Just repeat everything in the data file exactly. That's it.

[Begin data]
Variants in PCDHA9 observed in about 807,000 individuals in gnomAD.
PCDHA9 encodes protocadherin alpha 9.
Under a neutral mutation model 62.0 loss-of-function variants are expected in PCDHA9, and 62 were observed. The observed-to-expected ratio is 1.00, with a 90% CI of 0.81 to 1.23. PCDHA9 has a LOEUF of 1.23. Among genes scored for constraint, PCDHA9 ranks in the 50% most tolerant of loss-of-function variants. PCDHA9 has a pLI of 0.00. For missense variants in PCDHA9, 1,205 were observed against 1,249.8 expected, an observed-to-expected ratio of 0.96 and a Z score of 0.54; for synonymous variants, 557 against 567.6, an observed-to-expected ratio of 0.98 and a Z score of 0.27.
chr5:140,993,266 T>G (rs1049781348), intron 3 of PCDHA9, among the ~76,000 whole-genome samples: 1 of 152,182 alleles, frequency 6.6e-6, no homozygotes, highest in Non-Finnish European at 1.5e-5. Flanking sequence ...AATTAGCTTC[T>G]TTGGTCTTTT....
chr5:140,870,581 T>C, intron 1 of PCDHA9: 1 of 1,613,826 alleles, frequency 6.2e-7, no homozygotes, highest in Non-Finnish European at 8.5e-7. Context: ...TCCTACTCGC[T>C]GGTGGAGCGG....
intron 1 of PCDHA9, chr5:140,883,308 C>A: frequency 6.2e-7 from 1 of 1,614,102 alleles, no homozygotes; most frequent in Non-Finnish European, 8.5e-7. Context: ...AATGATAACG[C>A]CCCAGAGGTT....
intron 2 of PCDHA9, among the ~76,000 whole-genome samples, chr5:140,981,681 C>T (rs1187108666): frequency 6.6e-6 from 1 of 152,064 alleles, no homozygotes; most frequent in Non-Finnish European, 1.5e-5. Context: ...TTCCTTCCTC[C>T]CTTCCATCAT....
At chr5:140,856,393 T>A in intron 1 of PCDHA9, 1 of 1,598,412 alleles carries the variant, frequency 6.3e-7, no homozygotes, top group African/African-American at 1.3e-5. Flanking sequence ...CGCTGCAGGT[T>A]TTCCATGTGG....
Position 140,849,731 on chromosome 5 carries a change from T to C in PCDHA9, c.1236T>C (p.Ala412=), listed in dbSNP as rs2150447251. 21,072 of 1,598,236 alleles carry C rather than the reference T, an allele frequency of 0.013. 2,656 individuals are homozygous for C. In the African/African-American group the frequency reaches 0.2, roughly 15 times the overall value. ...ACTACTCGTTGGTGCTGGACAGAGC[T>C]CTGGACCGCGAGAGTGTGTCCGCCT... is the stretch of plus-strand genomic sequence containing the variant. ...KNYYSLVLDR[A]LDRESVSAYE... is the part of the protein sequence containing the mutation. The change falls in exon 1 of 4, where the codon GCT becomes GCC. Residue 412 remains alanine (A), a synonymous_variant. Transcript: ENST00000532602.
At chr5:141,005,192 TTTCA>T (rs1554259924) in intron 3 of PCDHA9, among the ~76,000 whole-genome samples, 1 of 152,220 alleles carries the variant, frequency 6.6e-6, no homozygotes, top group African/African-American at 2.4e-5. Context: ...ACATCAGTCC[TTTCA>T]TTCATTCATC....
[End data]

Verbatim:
Variants in PCDHA9 observed in about 807,000 individuals in gnomAD.
PCDHA9 encodes protocadherin alpha 9.
Under a neutral mutation model 62.0 loss-of-function variants are expected in PCDHA9, and 62 were observed. The observed-to-expected ratio is 1.00, with a 90% CI of 0.81 to 1.23. PCDHA9 has a LOEUF of 1.23. Among genes scored for constraint, PCDHA9 ranks in the 50% most tolerant of loss-of-function variants. PCDHA9 has a pLI of 0.00. For missense variants in PCDHA9, 1,205 were observed against 1,249.8 expected, an observed-to-expected ratio of 0.96 and a Z score of 0.54; for synonymous variants, 557 against 567.6, an observed-to-expected ratio of 0.98 and a Z score of 0.27.
chr5:140,993,266 T>G (rs1049781348), intron 3 of PCDHA9, among the ~76,000 whole-genome samples: 1 of 152,182 alleles, frequency 6.6e-6, no homozygotes, highest in Non-Finnish European at 1.5e-5. Flanking sequence ...AATTAGCTTC[T>G]TTGGTCTTTT....
chr5:140,870,581 T>C, intron 1 of PCDHA9: 1 of 1,613,826 alleles, frequency 6.2e-7, no homozygotes, highest in Non-Finnish European at 8.5e-7. Context: ...TCCTACTCGC[T>C]GGTGGAGCGG....
intron 1 of PCDHA9, chr5:140,883,308 C>A: frequency 6.2e-7 from 1 of 1,614,102 alleles, no homozygotes; most frequent in Non-Finnish European, 8.5e-7. Context: ...AATGATAACG[C>A]CCCAGAGGTT....
intron 2 of PCDHA9, among the ~76,000 whole-genome samples, chr5:140,981,681 C>T (rs1187108666): frequency 6.6e-6 from 1 of 152,064 alleles, no homozygotes; most frequent in Non-Finnish European, 1.5e-5. Context: ...TTCCTTCCTC[C>T]CTTCCATCAT....
At chr5:140,856,393 T>A in intron 1 of PCDHA9, 1 of 1,598,412 alleles carries the variant, frequency 6.3e-7, no homozygotes, top group African/African-American at 1.3e-5. Flanking sequence ...CGCTGCAGGT[T>A]TTCCATGTGG....
Position 140,849,731 on chromosome 5 carries a change from T to C in PCDHA9, c.1236T>C (p.Ala412=), listed in dbSNP as rs2150447251. 21,072 of 1,598,236 alleles carry C rather than the reference T, an allele frequency of 0.013. 2,656 individuals are homozygous for C. In the African/African-American group the frequency reaches 0.2, roughly 15 times the overall value. ...ACTACTCGTTGGTGCTGGACAGAGC[T>C]CTGGACCGCGAGAGTGTGTCCGCCT... is the stretch of plus-strand genomic sequence containing the variant. ...KNYYSLVLDR[A]LDRESVSAYE... is the part of the protein sequence containing the mutation. The change falls in exon 1 of 4, where the codon GCT becomes GCC. Residue 412 remains alanine (A), a synonymous_variant. Transcript: ENST00000532602.
At chr5:141,005,192 TTTCA>T (rs1554259924) in intron 3 of PCDHA9, among the ~76,000 whole-genome samples, 1 of 152,220 alleles carries the variant, frequency 6.6e-6, no homozygotes, top group African/African-American at 2.4e-5. Context: ...ACATCAGTCC[TTTCA>T]TTCATTCATC....